How to Teach Your Kid to Keep Track of Important Belongings

Dear Kid Whisperer,

I have a 16-year-old who has now lost three house keys. I have tried to figure out all kinds of ways for her to keep tabs on them, and none work. I am considering not giving any more keys and just have her walk out through the garage door and giving her a garage door opener. I feel like the opener is bigger and harder to lose. Other than that, I’m out of ideas. -Crystal, Springfield, Ohio


You trying to come up with solutions for your kid’s irresponsibility is causing the problem, not solving it. Doing this gives the implicit message that your kid losing keys is your problem. It isn’t, and you are tricking your kid into believing that it is. I guarantee you that she will lose the garage door opener if you give her one. Why? Because you have accidentally taught your kid that her mistakes are your responsibility.

When an expectation that we set seems reasonable for a kid and the kid fails to be responsible enough to meet that expectation, we shouldn’t change the expectation– we need to change the kid.

Kids don’t usually listen to words, but our actions are likely to get their attention.

So, here is how I would deal with your kid losing keys.

Kid Whisperer: Yeesh. I think I owe both of us an apology. I have gotten really frustrated with you about losing your key three times. I think that by trying to problem-solve how you can best remember your key, I have tricked you into thinking that your keys are my problem. I promise that I won’t get frustrated or solve your problems any more.

Kid: That would be fantastic.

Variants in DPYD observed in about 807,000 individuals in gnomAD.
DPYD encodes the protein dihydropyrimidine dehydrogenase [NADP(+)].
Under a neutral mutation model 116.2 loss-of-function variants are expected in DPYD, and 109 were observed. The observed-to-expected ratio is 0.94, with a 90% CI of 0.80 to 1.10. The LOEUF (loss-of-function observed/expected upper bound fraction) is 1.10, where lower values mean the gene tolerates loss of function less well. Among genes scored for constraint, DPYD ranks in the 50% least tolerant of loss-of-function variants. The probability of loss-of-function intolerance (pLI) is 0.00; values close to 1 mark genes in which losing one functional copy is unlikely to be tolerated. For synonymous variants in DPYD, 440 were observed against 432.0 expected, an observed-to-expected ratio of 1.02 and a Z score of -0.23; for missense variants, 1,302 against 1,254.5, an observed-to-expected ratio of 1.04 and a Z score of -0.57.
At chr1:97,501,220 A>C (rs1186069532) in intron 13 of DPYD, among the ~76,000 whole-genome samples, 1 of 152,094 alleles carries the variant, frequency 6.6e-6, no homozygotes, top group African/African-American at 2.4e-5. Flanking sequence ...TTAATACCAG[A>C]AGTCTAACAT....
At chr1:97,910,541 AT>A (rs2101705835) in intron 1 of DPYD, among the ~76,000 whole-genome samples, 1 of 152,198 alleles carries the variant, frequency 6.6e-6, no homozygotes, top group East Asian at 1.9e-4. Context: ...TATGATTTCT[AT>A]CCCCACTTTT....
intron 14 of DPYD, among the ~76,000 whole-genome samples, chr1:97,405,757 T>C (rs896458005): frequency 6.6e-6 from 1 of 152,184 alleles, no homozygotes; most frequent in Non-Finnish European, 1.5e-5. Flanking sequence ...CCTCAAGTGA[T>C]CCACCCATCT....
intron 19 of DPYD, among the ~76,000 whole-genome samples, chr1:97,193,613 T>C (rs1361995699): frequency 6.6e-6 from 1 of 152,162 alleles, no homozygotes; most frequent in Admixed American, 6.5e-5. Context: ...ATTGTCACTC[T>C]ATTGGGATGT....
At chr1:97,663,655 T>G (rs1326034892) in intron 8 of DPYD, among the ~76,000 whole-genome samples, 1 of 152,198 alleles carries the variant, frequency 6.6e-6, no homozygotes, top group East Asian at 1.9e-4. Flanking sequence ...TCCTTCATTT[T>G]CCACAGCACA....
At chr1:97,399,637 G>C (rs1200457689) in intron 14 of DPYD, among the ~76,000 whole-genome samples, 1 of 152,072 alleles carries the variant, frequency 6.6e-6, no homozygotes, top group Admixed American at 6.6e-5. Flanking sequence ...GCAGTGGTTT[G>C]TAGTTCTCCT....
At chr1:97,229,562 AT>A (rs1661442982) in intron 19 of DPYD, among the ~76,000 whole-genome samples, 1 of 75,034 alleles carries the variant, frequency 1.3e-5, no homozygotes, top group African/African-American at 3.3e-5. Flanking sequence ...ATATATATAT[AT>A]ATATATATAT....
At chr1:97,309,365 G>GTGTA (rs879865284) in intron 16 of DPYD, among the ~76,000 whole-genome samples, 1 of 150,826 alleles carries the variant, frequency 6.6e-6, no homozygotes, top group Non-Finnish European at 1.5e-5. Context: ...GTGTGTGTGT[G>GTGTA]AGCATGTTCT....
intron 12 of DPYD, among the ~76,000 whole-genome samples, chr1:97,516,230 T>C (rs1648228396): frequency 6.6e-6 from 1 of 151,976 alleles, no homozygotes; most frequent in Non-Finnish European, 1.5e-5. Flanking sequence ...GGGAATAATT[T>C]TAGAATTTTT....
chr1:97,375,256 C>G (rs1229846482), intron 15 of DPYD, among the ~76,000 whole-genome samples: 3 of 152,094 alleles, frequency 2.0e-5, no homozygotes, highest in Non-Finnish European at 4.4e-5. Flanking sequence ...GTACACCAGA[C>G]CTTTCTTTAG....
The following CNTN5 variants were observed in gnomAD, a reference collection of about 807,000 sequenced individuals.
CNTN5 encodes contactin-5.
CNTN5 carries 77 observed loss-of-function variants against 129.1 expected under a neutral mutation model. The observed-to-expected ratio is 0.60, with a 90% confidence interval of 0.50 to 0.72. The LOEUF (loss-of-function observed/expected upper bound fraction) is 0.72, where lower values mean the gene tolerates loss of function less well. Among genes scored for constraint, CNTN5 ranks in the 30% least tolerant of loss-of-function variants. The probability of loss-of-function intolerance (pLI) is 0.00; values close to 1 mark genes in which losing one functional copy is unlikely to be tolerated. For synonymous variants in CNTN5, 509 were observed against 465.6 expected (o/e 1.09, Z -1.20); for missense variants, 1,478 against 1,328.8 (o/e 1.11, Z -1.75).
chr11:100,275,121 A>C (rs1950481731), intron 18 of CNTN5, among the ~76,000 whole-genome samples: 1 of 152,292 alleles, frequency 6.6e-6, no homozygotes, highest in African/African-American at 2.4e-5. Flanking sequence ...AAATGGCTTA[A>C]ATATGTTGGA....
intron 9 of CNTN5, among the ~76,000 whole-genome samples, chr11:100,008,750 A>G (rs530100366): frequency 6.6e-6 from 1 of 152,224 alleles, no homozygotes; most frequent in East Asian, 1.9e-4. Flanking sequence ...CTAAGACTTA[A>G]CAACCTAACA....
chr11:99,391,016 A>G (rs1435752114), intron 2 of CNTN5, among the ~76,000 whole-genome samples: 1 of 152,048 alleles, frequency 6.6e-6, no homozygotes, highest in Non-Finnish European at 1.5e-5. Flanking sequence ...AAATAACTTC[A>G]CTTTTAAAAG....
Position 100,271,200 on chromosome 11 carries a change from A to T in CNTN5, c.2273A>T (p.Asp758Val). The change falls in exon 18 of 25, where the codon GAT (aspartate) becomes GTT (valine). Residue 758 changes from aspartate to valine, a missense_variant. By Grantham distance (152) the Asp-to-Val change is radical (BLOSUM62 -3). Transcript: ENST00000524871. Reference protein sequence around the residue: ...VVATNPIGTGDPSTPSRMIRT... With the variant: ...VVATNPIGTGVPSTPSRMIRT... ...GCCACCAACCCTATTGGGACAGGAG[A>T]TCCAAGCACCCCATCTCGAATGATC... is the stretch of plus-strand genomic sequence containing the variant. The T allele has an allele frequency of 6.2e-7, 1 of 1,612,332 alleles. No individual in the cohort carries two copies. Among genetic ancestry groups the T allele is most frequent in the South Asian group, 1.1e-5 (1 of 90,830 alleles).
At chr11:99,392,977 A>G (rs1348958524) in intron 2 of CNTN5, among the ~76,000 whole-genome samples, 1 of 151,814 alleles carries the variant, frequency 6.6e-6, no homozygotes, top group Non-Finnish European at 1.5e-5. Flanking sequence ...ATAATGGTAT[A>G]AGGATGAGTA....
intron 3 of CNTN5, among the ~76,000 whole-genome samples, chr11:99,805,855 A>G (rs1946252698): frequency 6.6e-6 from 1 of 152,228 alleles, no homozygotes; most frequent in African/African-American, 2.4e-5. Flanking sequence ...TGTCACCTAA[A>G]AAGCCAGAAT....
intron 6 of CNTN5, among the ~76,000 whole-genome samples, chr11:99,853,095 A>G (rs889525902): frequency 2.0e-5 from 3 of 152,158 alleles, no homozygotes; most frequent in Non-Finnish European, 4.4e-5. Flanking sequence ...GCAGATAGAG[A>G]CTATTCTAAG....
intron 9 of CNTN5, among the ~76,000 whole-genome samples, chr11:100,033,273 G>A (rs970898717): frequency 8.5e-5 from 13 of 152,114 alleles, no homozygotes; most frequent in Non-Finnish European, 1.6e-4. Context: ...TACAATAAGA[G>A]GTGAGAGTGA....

Kid Whisperer: From now on, I’m just going to ask you to solve any problems that you cause.

Kid: Wait. What?

Kid Whisperer: Since we don’t know where your keys are, we don’t know who has your keys. In order to keep us all safe, we need to change the locks for the house. I called the locksmith, and the price he gave me was $150 for changing the exterior locks. He is coming tomorrow, and I expect you to pay him out of your allowance.

Kid: That’s not fair! Couldn’t you just yell at me and tell me about how you walked up hills and through snow to school everyday and all that other stuff you say? That was all really helpful, and I was just about to learn to be responsible!

Kid Whisperer: He’ll be here at 4:00 tomorrow. Please have your money ready.

If you can somehow be sure that the keys could not reasonably have fallen into the hands of someone who knows where you live, you can simply charge $5 for each key copying and replacement.

If Kid doesn’t have money, you can pay the locksmith or for the key replacement yourself. Then, you can introduce Kid to the concept of minimum wage, and you can have Kid do extra work around the house, outside of their normal chores, until they have paid off their debt. If Kid refuses to do the chores, or drags her feet in any way that annoys you or causes a problem for you, give up. Then, take Kid’s possessions down to the local resale shop, and sell them until you have recouped the cost of either the lock changing or key replacement.

Kids don’t tend to learn responsibility by us telling them why they should be responsible. They do learn to be responsible by suffering the real-world consequences of being irresponsible.